5 Things you Need to Understand Before Building Any Website

Websites are a great way to showcase a business, hobby or craft. They can include videos, images, testimonials, interactive data, forms, contact and location information, calls to action, and of course, important information about what makes you unique. In other words, why you do what you do and why others should be involved with you.

This post is part one of two that discusses five things everyone needs to understand before building any website. This week's post covers icon images, optimizing for mobile screens and object placement. Next week we will cover some SEO basics and image licensing.

5 Things you Need to Understand Before Building Any Website

This is not an exhaustive list of the things everyone should understand before building a website, but rather covers things you might not think of when writing content, gathering images and planning.

1. Browser icon images

A browser icon image is the very small image that shows up in the web page tab of a browser to the left of the page title. While this might sound like a silly thing to list as important, these icons do matter. For one thing, these icons get users more comfortable with your logo. Secondly, as users become familiar with your logo, users will use the icon to identify an open page on your website as they bounce between pages in a browser.

Let's be honest, most users open a browser and end up with several pages open at a time. Some they will look at that day and others they might not get back to for a week. Either way, if you have a defined icon, they will be able to quickly find your site again. When a website does not have this icon image defined, it will end up with a default image, often times the WordPress icon. But defined icons help users get back to your site when they have opened several tabs and:

  • They want to be sure to go back to a page to take a specific action - like signing up for a service or ordering a product.
  • The page has information they either did not have time to finish reading, want to share with others, or simply want to read again.
  • They visit the page(s) regularly and it is easier to just leave them open all the time.
  • They are a trigger to remind them to do something. This could be a social media site, their own website, or something else entirely.

When you set a custom icon image, anyone who visits your website can easily relocate it among their browser tabs using the icon. Keep in mind, it is much easier for users to identify the icon representing your website when the image ties in with your business logo/theme in a logical way. In other words, if you sell boats, a boat, wave or similar image would be far more effective than a tree, dog or the default image.

2. Optimize for mobile devices

No matter what information you want to portray on your website, or what service or items you are selling, it is critical that you find a way to format it that makes for a nice user experience even when they are accessing it from a small screen. Many users will visit your website for the first time from a mobile device. This could be because they had an idea, did a search and found your site, clicked or heard an ad, or some other reason.

Whatever the reason, if they have a bad experience when they visit your site on a small screen, they will be less likely to come back later regardless of the device size. On the other hand, when someone visits your website and has a good experience, they are more likely to visit the site again, possibly to purchase something. Making sure they have a good experience, regardless of device size, is imperative to success.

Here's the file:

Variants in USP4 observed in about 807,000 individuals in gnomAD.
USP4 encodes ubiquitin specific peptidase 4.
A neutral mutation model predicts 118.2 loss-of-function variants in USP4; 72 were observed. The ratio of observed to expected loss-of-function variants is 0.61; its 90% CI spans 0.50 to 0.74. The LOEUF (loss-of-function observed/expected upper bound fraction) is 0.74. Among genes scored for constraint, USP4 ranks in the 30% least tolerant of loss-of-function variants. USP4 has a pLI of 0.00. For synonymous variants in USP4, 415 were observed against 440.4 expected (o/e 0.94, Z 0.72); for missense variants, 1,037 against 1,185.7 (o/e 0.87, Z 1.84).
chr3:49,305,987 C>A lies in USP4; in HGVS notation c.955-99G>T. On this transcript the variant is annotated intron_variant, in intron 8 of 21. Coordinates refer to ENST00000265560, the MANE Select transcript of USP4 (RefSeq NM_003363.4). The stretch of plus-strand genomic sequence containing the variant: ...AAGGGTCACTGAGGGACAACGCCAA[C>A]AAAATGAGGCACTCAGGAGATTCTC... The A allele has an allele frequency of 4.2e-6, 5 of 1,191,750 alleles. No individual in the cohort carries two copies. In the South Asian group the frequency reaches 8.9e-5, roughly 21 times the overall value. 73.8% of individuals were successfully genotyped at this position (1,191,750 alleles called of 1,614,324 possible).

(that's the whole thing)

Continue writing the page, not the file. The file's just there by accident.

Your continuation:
Second, and while everything shouldn't be done from the perspective of search engine optimization (SEO), optimizing your site for mobile devices does in fact impact the overall SEO score. Building a site that is user friendly, has great content, and is rated well for search engine optimization is not easy, but it is important to find a balance.

3. Object placement

Another important thing to consider when designing your website is to be sure to leave enough room between different elements. This ensures that each section can easily be navigated by users. Some things to avoid having are:

  • Images too close together/overlapping or too close to text.
  • Several links and/or buttons that are really close together. NOTE: Links that are too close together can be hard for people with dexterity issues or shaky hands to touch and get the right link. Frustration caused from the inability to click on the right link could cost you visitors.
  • A font that is too small or whose lines are too close together when sentences wrap. If the font on your website is too small users may be forced to continually zoom in and out. This is likely to lead them to abandon your site!

An example of the spacing of links on our website homepage.

Not only is it important to make good decisions about object placement to increase the usability of your website, but once again, this will play a part in the SEO score of your website.

There are so many things to consider when building a website: the content, making sure you include call to actions so visitors know what you want them to do, telling your unique story, providing valuable content, and much more. What you might not realize is that there are also many other things to consider like: having an icon image related to your business so users quickly identify your business in their browser tabs, optimizing for mobile users and making sure objects, links and content are far enough apart that users can easily navigate the site.

Next week we will continue this topic and discuss image usage and some basic ways to increase SEO.

As always, planning ahead will provide a better user experience and naturally increase the usability of your website.